A short summary of news from the science world
New Study regarding the Barents Sea: Cracks beneath giant, methane gushing craters
Source: CAGE – Center for Arctic Gas Hydrate, Climate and Environment
ScienceDaily Summary: „250-million-year-old cracks in the seafloor feed greenhouse gas methane into giant craters in the Barents Sea. More than 100 craters, presently expelling enormous amounts of the greenhouse gas into the ocean, are found in the area.“
Method of Research
The discovery of the origin of craters and mounds was made possible through cutting edge 3D seismic technology which is able to penetrate deep into the ocean floor. Thus helping scientists to visualize the structures in the hard bedrock underneath.
Elaboration on the Origin of the Craters
Malin Waage, the first author of the study and a postdoc at CAGE, Centre for Arctic Gas Hydrate, Environment and Climate, explains it as following:
„This study, however, ads several layers to that picture, as we now see that there has been a structural weakness beneath these giant craters, for much longer than the last 20,000 years. Deep below the seafloor, the expansion of gas and release of water build up a muddy slurry which eventually erupted through the fractures and caused seafloor collapses and craters in the hard bedrock. Think of it as a building: A roof of a building can cave in if the ground structure is weak. We believe that this is what happened in the crater area after the last glaciation.„
Previous studies, according to Waage, have hyopthized that climate warming and the retreat of the ice „some 20,000 years ago“ caused the gas hydrates (a solid form of methane that is stable in cold temperatures and immense pressure, which the ice sheets provides) beneath the ice to melt which led to abrupt methane release and created the craters.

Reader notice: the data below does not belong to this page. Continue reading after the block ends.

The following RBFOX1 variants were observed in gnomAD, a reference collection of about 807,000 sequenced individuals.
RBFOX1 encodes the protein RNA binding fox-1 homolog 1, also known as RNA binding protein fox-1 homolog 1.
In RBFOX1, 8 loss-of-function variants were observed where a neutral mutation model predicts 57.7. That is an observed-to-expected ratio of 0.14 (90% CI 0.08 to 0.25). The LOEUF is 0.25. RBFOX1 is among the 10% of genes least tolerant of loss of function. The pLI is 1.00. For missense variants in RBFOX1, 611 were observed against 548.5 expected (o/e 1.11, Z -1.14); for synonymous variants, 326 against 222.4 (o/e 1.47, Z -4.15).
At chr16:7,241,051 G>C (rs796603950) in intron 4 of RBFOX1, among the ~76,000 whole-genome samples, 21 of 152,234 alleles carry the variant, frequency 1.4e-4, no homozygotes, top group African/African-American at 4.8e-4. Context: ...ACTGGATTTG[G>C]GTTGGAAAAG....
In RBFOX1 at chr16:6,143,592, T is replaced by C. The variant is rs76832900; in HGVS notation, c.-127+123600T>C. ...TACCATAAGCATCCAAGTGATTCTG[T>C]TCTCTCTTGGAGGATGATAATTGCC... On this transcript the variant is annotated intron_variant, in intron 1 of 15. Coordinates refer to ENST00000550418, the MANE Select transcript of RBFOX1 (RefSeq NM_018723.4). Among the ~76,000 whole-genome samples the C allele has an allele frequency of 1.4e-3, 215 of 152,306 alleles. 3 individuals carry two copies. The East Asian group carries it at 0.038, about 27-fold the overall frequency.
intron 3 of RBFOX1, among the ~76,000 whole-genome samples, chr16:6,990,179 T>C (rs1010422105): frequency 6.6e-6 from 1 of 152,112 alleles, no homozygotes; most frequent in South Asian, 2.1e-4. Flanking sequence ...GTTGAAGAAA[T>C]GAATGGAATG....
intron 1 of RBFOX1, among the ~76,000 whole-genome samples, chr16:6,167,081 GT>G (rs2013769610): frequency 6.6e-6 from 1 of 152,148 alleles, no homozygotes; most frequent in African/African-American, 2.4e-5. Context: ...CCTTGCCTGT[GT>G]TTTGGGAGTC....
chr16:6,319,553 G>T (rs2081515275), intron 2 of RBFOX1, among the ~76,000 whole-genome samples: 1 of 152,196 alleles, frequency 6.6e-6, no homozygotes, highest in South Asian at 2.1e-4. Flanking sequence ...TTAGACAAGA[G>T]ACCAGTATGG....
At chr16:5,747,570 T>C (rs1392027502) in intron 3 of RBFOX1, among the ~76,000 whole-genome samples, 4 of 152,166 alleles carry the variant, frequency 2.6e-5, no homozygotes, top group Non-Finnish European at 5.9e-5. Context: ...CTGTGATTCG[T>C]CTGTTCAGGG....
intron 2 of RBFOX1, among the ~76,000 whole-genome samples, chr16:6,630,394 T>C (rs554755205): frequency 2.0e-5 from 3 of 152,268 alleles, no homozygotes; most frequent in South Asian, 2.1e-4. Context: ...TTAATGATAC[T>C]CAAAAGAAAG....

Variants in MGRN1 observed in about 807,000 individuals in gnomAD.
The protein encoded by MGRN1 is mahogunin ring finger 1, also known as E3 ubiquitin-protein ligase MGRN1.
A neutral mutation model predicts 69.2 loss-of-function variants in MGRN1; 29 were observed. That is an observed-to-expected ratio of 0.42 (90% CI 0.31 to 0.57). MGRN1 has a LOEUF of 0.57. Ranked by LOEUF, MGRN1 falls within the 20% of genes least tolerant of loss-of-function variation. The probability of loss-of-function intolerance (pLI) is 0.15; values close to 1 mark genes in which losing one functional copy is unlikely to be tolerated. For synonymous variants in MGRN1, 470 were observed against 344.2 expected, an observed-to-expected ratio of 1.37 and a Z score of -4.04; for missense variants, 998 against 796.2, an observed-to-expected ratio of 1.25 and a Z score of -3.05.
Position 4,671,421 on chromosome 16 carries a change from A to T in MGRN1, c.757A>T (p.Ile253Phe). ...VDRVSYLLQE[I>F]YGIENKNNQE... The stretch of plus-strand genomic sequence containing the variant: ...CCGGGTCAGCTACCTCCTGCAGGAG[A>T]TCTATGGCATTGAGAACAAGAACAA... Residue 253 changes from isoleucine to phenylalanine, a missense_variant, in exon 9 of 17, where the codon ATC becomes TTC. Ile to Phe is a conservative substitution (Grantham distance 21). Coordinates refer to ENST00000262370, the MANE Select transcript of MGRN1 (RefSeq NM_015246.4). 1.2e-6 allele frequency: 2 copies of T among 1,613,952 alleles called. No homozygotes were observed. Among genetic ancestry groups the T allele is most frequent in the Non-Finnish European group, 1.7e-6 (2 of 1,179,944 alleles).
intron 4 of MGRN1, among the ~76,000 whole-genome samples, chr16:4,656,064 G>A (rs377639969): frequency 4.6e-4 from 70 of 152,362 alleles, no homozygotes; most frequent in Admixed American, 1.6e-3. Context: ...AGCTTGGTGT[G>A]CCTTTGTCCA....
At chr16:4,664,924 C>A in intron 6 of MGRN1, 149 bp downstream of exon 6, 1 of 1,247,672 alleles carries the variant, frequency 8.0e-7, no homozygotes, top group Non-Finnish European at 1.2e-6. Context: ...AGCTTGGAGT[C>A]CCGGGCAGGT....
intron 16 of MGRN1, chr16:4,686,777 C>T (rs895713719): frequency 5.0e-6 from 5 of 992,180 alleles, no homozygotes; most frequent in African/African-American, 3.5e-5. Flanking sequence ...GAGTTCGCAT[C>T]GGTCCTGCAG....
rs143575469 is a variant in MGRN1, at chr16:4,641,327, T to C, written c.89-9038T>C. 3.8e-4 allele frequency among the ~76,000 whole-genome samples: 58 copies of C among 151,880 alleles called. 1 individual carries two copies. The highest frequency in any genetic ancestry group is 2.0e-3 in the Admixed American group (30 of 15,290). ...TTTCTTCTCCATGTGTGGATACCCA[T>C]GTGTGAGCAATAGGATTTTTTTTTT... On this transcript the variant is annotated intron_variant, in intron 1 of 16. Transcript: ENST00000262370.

The Barenth Sea – Still Not Well-Understood
There are still many questions regarding the area’s geological system, because it is poorly understood. Some of the questions to which scientists, society and the industry do not know the answers to:
- Will these weak structures lead to unpredictable and explosive methane release?
- Can such release and related geohazards be triggered by drilling?
- And can the gas reach the atmosphere in case of abrupt blow-outs, adding to the greenhouse gas budget?
However, Waage added at the end: „There is still very much that we don’t know about this system. But we are currently collecting and analyzing new data in the Barents Sea, dominated by similar crater structures. This can help us map in bigger detail the fault systems and associated weakness. „
Study regarding sustainable behaviour – Increasing the Opportunities
Source: International Institute for Applied Systems Analysis (IIASA)